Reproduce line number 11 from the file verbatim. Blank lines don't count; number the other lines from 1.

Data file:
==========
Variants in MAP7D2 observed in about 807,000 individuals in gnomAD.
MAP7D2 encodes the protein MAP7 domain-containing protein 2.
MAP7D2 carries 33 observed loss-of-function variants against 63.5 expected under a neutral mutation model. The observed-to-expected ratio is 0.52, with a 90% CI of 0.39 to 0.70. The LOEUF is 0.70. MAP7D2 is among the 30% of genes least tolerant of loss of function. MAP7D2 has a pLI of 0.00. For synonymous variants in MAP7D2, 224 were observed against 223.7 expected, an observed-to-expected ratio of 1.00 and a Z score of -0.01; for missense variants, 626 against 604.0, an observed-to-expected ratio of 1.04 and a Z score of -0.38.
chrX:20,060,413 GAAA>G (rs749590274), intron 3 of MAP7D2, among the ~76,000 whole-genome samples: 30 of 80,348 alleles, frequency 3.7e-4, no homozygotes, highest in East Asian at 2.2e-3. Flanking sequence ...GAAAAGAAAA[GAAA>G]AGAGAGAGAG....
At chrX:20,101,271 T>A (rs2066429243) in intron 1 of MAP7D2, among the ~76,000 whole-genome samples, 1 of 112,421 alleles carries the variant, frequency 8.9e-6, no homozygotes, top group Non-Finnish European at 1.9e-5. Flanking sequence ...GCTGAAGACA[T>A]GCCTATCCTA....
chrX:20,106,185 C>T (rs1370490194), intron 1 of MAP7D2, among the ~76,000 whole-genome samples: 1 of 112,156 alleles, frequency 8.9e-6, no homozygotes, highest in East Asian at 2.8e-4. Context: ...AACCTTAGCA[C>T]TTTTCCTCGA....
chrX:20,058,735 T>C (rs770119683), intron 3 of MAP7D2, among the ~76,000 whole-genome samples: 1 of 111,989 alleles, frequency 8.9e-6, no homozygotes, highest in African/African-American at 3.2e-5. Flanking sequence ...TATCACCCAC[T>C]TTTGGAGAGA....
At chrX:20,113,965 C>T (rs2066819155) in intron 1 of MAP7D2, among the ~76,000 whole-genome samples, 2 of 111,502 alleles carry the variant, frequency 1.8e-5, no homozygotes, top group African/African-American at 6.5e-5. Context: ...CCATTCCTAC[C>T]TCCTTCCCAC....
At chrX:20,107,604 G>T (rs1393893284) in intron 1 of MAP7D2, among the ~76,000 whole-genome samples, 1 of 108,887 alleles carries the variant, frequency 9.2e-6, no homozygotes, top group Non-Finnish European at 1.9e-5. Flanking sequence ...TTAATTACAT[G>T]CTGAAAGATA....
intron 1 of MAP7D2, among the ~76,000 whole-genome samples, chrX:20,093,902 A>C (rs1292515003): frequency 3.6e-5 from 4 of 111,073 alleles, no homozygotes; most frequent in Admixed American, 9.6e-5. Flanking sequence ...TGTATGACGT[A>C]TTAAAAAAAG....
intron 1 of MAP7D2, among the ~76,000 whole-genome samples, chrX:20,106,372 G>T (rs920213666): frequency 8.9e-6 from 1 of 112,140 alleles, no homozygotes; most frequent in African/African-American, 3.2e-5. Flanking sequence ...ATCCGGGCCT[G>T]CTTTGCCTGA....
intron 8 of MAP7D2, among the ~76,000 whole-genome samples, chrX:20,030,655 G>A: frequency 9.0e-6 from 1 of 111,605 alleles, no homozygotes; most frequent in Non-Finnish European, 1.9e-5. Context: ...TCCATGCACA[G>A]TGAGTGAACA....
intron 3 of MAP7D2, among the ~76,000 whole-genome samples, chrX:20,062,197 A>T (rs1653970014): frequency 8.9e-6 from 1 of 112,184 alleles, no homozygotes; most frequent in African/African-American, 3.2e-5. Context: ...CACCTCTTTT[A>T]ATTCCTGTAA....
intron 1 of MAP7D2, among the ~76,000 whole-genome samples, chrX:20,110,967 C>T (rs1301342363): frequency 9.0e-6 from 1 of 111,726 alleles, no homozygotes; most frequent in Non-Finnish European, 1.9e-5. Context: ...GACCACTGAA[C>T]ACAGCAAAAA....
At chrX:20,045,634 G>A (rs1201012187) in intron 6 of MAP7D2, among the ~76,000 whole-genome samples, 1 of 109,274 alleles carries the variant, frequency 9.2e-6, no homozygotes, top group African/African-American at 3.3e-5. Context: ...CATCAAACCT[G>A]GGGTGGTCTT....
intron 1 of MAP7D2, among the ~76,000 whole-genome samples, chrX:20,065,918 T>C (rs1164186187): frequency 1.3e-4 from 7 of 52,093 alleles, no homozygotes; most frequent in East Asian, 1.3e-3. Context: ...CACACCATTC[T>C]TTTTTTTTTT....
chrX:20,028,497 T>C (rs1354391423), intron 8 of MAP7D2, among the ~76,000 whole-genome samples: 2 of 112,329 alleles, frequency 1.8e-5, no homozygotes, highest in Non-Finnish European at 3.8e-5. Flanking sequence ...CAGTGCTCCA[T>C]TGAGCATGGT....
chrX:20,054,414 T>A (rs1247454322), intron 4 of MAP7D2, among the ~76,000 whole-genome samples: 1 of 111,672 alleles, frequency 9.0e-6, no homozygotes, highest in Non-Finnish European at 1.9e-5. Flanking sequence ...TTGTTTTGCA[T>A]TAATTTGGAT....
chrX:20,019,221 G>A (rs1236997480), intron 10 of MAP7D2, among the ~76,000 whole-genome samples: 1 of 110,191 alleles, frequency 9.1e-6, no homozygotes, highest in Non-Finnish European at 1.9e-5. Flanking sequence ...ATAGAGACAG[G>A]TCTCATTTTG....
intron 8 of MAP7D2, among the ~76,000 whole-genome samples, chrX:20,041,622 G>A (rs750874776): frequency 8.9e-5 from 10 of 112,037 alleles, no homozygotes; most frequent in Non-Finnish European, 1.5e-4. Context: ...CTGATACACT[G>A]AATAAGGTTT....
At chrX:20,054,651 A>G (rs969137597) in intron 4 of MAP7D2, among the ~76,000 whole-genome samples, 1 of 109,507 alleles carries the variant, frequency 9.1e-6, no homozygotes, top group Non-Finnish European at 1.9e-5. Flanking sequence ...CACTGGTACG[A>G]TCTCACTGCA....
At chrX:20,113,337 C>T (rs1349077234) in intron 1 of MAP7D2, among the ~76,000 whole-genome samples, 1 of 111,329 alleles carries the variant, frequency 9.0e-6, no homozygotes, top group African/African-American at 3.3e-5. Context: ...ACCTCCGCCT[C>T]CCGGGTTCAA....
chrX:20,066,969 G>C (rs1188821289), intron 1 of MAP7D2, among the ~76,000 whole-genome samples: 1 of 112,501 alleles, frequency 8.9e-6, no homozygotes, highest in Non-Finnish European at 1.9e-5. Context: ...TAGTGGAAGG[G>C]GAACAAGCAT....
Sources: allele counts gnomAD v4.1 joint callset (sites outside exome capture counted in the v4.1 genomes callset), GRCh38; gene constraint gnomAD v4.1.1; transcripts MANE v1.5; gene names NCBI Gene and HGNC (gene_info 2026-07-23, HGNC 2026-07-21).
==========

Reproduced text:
intron 1 of MAP7D2, among the ~76,000 whole-genome samples, chrX:20,106,372 G>T (rs920213666): frequency 8.9e-6 from 1 of 112,140 alleles, no homozygotes; most frequent in African/African-American, 3.2e-5. Flanking sequence ...ATCCGGGCCT[G>T]CTTTGCCTGA....